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Thursday, May 24, 2018
We arrived in the 8th of January to Fagushan Monastery (Dharma Drum Mountain World Center for Buddhist Education) and stayed in Taiwan until the 23rd of January. Our Russian group consists of 7 people, six from Moscow and one from St. Petersburg. In addition, there was one person from Switzerland and he was already at the lay people’s quarters at the monastery when we had arrived. Therefore, our pilgrimage program can be called International Pilgrimage.


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Abbot Venerable Guo Xing explained that our thoughts, what we hear, see, smell and touch are forms that are continuously arising and perishing. Then, what is that which is non-arising and non-perishing? In other words, what is wu? “Wu” is like a GPS, it allows us to find the non-arising and non-perishing mind.
The mind is itself beyond duality… It is not the phenomena we see, hear, smell, taste, touch and think, but it has the functions of seeing, hearing, smelling, touching and thinking. The mind exists at all times and at all places.
It was quiet in the Ch’an Hall of the Dharma Drum Mountain Vancouver Center in the morning on Labour Day, September 2, 2013. “Relax your…” said Abbot Venerable Guo Xing, guiding 125 people on relaxation.
Theravada Buddhism has been endorsed as the national religion in Burma (officially known as the Union of Myanmar) since 1044. It is therefore natural for the Burmese to have incorporated Buddhist customs into their daily life. No wonder Myanmar's opposition leader Aung San Suu Kyi described her people as peaceful and tranquil - two beautiful characteristics which could be ascribed to the Burmese devotion to Buddhism.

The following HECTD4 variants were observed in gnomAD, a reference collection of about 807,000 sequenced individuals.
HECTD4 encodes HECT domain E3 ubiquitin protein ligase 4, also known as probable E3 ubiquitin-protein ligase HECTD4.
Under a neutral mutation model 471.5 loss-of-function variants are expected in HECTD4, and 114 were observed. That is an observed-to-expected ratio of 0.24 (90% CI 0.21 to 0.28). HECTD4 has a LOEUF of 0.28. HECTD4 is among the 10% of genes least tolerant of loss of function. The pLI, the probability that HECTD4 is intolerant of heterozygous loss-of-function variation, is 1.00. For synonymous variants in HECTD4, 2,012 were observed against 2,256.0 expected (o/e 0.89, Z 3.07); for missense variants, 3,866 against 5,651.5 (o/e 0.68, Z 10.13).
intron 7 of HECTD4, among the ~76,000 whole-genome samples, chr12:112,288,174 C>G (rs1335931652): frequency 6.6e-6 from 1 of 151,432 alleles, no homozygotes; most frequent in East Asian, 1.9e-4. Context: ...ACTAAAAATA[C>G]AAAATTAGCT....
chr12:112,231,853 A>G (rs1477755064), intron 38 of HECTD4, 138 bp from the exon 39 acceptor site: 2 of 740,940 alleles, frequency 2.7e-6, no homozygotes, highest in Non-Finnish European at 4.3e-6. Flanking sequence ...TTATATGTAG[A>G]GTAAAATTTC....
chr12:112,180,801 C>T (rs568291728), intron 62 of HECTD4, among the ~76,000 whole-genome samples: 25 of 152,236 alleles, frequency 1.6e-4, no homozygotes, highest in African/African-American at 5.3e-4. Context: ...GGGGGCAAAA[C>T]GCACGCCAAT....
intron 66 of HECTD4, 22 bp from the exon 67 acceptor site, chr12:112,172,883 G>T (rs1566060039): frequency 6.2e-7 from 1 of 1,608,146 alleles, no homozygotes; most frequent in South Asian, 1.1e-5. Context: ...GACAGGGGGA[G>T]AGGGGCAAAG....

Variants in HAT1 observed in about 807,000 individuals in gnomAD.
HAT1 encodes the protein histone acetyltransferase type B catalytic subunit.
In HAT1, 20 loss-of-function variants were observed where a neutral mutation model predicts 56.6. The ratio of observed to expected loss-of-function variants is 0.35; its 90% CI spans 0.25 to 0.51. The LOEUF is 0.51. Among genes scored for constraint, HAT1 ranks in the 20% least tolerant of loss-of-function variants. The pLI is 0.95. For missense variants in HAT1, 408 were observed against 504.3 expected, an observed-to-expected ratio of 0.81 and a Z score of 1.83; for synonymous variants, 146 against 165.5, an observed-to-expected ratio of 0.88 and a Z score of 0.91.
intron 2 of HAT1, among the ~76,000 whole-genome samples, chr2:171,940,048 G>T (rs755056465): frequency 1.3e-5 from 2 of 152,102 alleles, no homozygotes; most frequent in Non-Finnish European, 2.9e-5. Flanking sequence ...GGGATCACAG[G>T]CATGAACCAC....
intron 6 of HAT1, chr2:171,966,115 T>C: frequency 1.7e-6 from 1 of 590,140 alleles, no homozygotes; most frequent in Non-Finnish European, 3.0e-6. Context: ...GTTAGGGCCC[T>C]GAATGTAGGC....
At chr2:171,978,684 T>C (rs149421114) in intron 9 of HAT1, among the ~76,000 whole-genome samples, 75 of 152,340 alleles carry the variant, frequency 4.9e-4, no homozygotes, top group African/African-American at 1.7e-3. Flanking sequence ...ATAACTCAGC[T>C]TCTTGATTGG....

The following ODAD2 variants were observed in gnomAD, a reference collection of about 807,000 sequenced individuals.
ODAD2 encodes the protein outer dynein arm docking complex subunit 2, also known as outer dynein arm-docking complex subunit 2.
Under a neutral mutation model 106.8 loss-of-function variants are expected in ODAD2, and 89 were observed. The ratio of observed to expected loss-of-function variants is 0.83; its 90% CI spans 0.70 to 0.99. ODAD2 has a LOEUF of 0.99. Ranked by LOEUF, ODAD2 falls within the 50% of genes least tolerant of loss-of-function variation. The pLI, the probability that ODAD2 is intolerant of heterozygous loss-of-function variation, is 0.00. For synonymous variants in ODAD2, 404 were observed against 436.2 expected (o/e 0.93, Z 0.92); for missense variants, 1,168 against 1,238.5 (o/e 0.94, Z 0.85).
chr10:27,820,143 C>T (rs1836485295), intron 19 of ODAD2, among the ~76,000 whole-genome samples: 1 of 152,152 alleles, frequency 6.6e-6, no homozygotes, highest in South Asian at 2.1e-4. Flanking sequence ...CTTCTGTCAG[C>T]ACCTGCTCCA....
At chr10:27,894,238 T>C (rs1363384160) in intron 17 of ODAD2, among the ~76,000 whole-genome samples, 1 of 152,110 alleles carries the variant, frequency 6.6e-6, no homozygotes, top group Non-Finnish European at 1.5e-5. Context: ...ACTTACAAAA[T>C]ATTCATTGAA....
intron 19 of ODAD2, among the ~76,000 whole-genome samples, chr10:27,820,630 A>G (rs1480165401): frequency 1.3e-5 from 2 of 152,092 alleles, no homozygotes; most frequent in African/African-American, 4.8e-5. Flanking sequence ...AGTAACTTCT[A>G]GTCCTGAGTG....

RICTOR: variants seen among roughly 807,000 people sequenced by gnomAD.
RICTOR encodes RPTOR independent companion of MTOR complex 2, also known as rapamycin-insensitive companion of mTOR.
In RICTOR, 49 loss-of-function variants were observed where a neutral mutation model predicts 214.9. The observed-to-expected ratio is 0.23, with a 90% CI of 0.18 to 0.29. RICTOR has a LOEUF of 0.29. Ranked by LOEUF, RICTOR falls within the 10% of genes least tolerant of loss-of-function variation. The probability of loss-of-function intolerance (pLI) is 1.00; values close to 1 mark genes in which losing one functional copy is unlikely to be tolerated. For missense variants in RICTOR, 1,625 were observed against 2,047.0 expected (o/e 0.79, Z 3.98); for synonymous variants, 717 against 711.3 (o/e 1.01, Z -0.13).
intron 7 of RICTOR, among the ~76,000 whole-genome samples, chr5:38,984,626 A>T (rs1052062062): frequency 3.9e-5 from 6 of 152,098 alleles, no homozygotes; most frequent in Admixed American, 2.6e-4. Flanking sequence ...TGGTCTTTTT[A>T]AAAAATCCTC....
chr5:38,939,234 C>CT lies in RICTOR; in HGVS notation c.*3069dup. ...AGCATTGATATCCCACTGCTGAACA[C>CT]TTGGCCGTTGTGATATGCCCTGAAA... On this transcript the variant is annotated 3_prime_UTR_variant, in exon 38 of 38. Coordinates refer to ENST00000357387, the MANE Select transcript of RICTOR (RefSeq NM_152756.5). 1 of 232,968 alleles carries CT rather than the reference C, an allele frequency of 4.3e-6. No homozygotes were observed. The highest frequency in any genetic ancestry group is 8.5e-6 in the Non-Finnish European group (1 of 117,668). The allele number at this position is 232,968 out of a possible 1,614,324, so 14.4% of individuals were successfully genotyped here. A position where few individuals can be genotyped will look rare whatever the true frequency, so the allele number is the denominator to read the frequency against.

Last Sunday (February 28), I attended DDMBA's Living Ch'an Workshop. To learn the Buddha Dharma through a workshop sounds new to me. In fact, I wasn’t sure what to expect since it is neither a dharma talk nor a traditional meditation class.
I have no experience in writing prose. It is challenging to me and I hope it does not bore you. This article is dedicated to all the Bodhisattvas who encouraged me to write and share.
About two months ago I joined the Dharma Drum Mountain (DDM) International Meditation Group (IMG) for the very first time. Though I had read some books by Ven. Sheng-Yen before and practiced meditation in my home country, it was a real pleasure to actually sit down here, in Taipei, with all those friendly people of DDM. During these last two months, I have almost every Saturday morning find myself sitting in Degui Academy (德貴學院), meditating and having educative conversations about Buddhism.



From July 19th to 21st, there was a three-day meditation retreat led by Dharma Drum Mountain’s Ven. Guo Chii in DDM Melbourne Chapter.
Three years after last visit, Ven. Chang Yen came visiting DDM Vancouver Center again to give a series of Dharma lectures.
Every retreat is different, this retreat was no exception. The venue for the retreat was situated in Northern Sydney, close to the water and also bush land. This was the first time for DDM Sydney to use this venue.
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